BRASILIA – Former Brazilian Finance Minister Henrique Meirelles, who is now the presidential candidate of President Michel Temer’s party, said on Wednesday that the country should increase its trade with China, and this would be one of his “priorities” if he wins the election.
“There is no doubt that today China is the most important market ... (and) although it says it’s communist ... (it’s) a pragmatic country (that) will continue to grow (and must be) a priority” for the administration that emerges from the October elections, said Meirelles at a forum organized by the National Agriculture Federation (CNA).
The CNA represents the largest firms in the sector, which are responsible for 44 percent of Brazil’s exports, and Meirelles said that the country has a “vocation” for agriculture that must be taken advantage of.
“Every country has to use the sector in which they excel as the tip of its sword ... (and) devote itself to doing what it knows how to do,” which in Brazil’s case is agriculture, he said.
Even so, Meirelles admitted that the Brazilian agriculture sector, just like industry and other productive sectors, has the “need” and the “possibility” to become more competitive in global markets.
“To gain competitiveness, we need to open up the economy and implement trade promotion policies and firm, tough negotiations” in foreign markets, he said.
Within that framework, he backed the Mercosur negotiations with the European Union and moving closer to the United Kingdom after the so-called Brexit, as well as continuing to move closer to the Pacific Alliance trade bloc comprising Chile, Colombia, Mexico and Peru.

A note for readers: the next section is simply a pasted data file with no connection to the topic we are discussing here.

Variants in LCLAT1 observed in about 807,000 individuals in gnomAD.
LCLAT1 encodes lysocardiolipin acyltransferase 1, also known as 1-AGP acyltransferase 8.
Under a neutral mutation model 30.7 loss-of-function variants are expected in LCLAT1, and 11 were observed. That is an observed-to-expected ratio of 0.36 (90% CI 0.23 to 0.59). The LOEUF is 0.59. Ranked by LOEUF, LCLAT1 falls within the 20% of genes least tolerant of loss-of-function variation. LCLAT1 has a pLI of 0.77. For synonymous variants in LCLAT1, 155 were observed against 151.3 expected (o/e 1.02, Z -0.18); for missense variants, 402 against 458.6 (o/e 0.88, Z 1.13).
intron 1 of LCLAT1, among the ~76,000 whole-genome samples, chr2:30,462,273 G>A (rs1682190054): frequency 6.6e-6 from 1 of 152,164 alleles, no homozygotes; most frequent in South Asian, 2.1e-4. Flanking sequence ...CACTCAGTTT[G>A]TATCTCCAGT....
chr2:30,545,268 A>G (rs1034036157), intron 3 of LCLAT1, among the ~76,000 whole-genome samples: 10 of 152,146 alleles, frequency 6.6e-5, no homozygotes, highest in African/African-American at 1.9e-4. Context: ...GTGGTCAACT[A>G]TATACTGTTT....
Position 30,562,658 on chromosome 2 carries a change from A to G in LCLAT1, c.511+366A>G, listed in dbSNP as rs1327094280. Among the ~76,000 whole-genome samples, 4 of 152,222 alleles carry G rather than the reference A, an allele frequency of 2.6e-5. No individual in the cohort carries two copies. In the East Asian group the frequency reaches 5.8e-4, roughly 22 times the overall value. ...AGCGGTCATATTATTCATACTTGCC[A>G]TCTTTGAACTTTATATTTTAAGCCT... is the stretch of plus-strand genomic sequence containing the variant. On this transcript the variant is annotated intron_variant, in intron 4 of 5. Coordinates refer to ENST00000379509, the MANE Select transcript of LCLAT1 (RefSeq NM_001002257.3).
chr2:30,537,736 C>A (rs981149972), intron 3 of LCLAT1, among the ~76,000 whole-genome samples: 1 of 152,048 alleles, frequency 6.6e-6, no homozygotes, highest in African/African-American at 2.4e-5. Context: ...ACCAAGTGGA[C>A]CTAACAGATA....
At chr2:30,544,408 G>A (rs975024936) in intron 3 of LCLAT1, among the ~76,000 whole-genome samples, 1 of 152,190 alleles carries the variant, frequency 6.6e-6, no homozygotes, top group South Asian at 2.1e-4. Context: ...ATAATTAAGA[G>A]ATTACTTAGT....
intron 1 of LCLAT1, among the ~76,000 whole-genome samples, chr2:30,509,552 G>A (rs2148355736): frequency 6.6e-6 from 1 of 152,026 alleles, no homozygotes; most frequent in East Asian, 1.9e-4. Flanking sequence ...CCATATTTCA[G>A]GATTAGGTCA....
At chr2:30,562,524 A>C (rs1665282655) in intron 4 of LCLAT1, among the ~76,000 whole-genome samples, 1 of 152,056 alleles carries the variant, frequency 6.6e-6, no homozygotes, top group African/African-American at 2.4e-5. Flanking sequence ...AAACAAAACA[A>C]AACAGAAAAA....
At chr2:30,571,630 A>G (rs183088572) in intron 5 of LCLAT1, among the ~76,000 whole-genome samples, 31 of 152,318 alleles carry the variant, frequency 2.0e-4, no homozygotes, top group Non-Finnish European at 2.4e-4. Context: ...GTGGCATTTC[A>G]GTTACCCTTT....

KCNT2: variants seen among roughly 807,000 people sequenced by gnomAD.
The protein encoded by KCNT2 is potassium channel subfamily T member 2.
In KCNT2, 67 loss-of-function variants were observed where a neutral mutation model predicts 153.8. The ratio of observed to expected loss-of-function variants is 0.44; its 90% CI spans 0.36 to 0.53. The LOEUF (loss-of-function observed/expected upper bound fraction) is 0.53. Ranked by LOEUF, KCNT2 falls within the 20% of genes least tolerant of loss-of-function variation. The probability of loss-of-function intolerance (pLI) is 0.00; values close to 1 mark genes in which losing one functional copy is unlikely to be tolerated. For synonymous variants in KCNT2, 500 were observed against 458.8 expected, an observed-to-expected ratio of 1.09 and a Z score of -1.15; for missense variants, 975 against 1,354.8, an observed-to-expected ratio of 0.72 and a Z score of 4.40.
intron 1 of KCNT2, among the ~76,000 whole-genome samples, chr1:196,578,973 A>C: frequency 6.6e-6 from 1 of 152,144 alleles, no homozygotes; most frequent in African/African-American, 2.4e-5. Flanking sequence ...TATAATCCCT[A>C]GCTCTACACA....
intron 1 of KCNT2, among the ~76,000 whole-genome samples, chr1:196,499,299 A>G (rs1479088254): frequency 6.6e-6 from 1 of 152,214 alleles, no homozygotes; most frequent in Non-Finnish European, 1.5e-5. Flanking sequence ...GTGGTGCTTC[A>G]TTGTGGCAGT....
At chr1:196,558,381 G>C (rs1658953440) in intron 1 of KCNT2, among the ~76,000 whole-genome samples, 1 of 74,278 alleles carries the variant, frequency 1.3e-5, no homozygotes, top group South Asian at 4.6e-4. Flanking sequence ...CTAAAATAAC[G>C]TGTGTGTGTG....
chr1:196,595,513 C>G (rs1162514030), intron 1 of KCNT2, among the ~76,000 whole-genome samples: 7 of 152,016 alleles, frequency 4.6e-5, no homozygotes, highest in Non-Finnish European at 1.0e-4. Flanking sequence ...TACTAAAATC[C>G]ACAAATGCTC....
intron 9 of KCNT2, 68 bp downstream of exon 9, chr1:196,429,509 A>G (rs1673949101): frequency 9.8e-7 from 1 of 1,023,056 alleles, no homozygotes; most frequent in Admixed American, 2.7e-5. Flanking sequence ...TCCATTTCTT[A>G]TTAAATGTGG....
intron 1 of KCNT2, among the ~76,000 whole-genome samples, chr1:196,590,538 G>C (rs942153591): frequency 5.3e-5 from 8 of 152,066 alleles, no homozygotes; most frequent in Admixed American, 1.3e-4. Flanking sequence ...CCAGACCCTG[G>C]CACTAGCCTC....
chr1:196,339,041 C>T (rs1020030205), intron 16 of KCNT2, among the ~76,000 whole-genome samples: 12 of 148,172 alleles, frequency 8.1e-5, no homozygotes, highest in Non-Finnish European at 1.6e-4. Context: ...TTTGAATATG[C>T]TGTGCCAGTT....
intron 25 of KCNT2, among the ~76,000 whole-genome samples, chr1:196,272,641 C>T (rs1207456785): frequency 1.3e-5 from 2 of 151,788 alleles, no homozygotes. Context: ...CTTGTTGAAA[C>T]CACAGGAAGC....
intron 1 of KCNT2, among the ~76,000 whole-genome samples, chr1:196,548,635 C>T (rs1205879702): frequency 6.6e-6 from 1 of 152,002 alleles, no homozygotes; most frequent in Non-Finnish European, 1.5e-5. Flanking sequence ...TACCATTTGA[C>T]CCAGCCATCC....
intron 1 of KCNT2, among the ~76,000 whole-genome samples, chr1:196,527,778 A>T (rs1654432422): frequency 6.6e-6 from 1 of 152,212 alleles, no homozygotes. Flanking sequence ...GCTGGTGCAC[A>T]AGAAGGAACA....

He also said that Brasilia needs to attend to its “household duties” by implementing a series of policies that will allow a “reduction of the high tax charges” that are weighing on the country and making more investments in infrastructure and technology, all with an eye toward reducing the so-called “Brazil cost,” which is resulting from bureaucratic excesses that must be eliminated.
Meirelles served as Temer’s finance minister until last April as well as serving as president of Brazil’s Central Bank during the eight years of the Luiz Inacio Lula da Silva administration.
Despite his extensive government experience and technical knowledge, which is acknowledged by both the left and the right, Meirelles has just 1 percent support among registered voters, compared to Lula’s 40 percent, even though he is the candidate of the Brazilian Democratic Movement (MDB), one of the country’s main political parties.